Rent as­sis­tance avail­able for so­cial hous­ing from July

The China Post - - TAIWAN BUSINESS - BY STEPHANIE CHAO

Ap­pli­ca­tions for a wel­fare pay­ments to help low-paid work­ers pay their rent will open this July in an at­tempt to help around 61,000 house­holds, de­spite an es­ti­mated 390,000 house­holds in need of fi­nan­cial sup­port, ahead of ap­pli­ca­tions for so­cial hous­ing units open­ing, said In­te­rior Min­is­ter Chen Wei-zen ( ) yes­ter­day.

Dur­ing an in­ter­pel­la­tion ses­sion at the Leg­is­la­ture, Chen stated that as of now, there are only around 7,000 units of so­cial hous­ing avail­able na­tion­wide de­spite the more than 390,000 dis­ad­van­taged house­holds, which shows a huge gap be­tween sup­ply and de­mand.

Be­fore open­ing ap­pli­ca­tions for so­cial hous­ing to the public, the gov­ern­ment will turn to rent as­sis­tant pay­ments to al­low dis­ad­van­taged peo­ple to live in­de­pen­dently, Chen said. He stated that not all un­der­priv­i­leged peo­ple re­quire so­cial hous­ing.

Chen also stated that in the past, rent as­sis­tance was paid out to around 20,000 house­holds per year — how­ever ac­cord­ing to gov­ern­ment statis­tics, 50,000 more house­holds re­quire it.

In a re­port for Pre­mier Mao Chi-kuo ( ), Chen said that the gov­ern­ment did not in­tend to in­crease the pay­ment it would give to house­holds, but in­stead in­crease the num­ber of house­holds it would sup­port through the pay­ment.

This year’s ap­pli­ca­tion cap for rent as­sis­tance is set at 61,000, with each house­hold el­i­gi­ble for as­sis­tance of be­tween NT$3,000 and NT$5,000 monthly, depend­ing on the area in which the so­cial hous­ing is in, Chen ex­plained.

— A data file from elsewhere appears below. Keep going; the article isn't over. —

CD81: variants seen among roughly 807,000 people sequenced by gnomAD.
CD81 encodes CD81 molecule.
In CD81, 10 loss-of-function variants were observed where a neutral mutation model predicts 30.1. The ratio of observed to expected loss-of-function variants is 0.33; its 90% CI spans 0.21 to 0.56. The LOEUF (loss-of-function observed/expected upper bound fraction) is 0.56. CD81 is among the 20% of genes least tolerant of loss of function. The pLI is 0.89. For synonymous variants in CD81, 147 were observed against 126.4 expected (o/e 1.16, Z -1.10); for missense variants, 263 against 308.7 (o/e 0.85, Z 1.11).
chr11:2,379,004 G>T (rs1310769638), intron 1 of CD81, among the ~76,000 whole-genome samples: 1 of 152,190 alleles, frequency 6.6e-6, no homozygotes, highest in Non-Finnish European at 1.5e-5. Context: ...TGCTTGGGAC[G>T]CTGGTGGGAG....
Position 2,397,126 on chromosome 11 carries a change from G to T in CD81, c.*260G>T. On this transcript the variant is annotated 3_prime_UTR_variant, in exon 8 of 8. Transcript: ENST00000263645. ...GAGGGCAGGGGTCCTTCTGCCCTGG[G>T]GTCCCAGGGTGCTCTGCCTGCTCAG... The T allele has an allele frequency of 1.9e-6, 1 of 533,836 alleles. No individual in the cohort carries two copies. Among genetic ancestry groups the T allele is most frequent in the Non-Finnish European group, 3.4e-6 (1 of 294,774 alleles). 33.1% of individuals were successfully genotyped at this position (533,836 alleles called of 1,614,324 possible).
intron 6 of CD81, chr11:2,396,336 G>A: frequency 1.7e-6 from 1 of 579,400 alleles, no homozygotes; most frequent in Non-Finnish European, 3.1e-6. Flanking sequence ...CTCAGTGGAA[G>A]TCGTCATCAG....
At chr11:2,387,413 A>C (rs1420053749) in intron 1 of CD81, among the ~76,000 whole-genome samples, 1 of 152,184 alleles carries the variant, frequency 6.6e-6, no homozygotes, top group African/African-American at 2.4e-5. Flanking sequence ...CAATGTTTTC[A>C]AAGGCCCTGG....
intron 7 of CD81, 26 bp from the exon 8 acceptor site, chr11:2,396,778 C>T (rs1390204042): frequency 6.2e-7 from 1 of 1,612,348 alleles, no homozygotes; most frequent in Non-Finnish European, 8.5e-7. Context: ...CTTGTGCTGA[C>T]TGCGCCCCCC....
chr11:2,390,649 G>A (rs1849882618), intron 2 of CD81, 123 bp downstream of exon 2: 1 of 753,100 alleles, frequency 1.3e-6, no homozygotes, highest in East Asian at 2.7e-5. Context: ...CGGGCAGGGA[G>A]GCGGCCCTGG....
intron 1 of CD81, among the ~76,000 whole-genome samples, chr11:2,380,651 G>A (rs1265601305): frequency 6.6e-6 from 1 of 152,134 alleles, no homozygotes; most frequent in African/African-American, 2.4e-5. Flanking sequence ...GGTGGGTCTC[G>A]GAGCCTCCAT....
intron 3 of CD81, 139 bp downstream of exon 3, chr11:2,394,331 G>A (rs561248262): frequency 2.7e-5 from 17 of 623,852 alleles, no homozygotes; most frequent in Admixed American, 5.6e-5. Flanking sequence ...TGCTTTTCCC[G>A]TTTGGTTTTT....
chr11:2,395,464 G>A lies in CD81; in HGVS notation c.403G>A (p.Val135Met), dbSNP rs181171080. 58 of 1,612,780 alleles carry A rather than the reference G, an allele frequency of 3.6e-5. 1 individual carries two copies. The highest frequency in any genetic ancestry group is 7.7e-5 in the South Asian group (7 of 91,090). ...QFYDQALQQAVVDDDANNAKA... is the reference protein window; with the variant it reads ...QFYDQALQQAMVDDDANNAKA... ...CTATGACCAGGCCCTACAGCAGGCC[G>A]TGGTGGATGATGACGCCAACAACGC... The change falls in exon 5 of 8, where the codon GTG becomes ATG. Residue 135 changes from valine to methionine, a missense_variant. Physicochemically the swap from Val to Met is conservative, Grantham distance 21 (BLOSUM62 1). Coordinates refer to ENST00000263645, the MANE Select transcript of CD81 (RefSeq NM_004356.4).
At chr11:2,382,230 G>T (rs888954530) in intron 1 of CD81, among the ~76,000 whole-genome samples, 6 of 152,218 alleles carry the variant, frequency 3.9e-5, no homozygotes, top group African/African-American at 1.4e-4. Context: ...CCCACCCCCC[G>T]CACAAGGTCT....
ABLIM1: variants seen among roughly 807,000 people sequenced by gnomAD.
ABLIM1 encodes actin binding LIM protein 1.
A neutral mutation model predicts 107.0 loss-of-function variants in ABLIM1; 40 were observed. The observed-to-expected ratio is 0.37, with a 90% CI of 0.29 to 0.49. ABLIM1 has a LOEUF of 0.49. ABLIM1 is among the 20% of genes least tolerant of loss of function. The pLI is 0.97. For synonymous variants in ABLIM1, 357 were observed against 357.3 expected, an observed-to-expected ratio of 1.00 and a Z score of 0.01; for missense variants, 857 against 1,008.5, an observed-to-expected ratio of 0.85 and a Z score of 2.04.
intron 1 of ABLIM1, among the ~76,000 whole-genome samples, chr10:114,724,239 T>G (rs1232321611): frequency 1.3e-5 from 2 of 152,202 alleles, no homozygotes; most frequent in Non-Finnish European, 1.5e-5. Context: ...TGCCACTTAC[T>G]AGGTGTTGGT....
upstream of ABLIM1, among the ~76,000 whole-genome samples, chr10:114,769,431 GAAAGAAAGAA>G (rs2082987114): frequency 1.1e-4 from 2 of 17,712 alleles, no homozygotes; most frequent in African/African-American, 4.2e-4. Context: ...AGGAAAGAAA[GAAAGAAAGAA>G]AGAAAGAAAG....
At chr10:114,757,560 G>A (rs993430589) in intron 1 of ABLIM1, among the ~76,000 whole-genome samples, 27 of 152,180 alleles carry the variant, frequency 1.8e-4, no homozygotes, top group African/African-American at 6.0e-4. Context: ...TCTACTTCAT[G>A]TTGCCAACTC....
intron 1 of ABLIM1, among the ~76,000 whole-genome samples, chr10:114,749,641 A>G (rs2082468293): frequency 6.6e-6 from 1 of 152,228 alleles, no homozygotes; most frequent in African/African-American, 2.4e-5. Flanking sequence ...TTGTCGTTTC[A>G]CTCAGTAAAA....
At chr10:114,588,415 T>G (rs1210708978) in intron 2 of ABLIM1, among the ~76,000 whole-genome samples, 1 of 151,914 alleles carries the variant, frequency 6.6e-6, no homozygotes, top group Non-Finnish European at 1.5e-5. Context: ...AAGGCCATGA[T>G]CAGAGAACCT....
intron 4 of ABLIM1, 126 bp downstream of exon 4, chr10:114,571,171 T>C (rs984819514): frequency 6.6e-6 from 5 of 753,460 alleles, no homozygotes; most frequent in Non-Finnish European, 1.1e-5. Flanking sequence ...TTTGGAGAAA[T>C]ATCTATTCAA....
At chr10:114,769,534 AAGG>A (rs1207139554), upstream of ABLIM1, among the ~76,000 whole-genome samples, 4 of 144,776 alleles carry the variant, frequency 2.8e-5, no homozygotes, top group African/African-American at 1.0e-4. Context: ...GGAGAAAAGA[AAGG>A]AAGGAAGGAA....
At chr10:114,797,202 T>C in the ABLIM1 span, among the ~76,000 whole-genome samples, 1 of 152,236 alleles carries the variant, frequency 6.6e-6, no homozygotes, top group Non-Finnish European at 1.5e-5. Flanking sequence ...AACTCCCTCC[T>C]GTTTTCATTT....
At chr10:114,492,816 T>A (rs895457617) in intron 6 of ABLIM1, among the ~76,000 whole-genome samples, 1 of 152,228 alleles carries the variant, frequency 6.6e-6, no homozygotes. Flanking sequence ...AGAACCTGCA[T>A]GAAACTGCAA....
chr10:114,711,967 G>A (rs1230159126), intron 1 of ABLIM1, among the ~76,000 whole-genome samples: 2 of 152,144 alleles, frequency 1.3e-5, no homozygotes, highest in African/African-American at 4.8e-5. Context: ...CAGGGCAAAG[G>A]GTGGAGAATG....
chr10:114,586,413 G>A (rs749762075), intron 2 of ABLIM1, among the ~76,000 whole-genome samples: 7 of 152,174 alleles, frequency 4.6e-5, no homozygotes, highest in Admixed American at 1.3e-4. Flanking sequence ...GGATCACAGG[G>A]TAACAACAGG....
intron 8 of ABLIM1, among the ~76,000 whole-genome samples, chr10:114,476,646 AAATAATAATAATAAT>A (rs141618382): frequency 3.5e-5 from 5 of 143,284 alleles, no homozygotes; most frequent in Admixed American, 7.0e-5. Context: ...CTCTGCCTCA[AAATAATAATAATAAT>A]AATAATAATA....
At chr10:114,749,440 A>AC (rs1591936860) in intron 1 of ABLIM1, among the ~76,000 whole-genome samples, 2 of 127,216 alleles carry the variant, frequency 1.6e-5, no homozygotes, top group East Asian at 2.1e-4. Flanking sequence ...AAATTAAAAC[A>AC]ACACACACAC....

“For ex­am­ple, since rent in Taipei City is much higher, rent as­sis­tance has been raised to NT$5,000.” Chen said. The new reg­u­la­tions for ap­pli­ca­tions will come into force in July.

On the other hand, the Min­istry of the In­te­rior and the Min­istry of Fi­nance have agreed on terms to in­ject a cer­tain per­cent­age of the dues from the con­soli- dated hous­ing and land tax into the hous­ing funds, in or­der to help al­le­vi­ate the bur­den of pay­ing rent for youth and dis­ad­van­taged fam­i­lies.

Six Mu­nic­i­pal­i­ties United in

So­cial Hous­ing De­mands

Demo­cratic Pro­gres­sive Party ( DPP) Leg­is­la­tor Chuang Rueih­si­ung ( ) also in­vited rep­re­sen­ta­tives from the six mu­nic­i­pal­i­ties na­tion­wide dur­ing the In­ter­nal Ad­min­is­tra­tion Com­mit­tee’s in­ter­pel­la­tion ses­sion.

The six rep­re­sen­ta­tives all cited their united de­mand for more fund­ing and land to con­struct lo­cal so­cial hous­ing projects. The cen­tral gov­ern­ment holds land in the six mu­nic­i­pal­i­ties and the mu­nic­i­pal rep­re­sen­ta­tives ex­pressed their hope that the gov­ern­ment could set apart those lands for the mu­nic­i­pal­i­ties’ us­age free of charge.

How­ever, due to the Min­istry of Na­tional De­fense’s (MND,

) need to pay off its debts in the Re­fur­bish­ment of Mil­i­tary De­pen- dents’ Com­pound Funds, the MND will begin sell­ing an­other 36 plots of land in se­lect ar­eas, on top of 12 that have al­ready been sold, ac­cord­ing to the Ar­ma­ment Bureau’s ( ) rep­re­sen­ta­tive.

At­ten­tion upon the MND-owned lands be­gan af­ter the sell­ing of the land on Yi­jiang Block (

) at a high price at the end of March. The six mu­nic­i­pal­i­ties’ there­fore hoped to ac­quire lands with­out go­ing through public auc­tion or bring­ing up the real es­tate prices.

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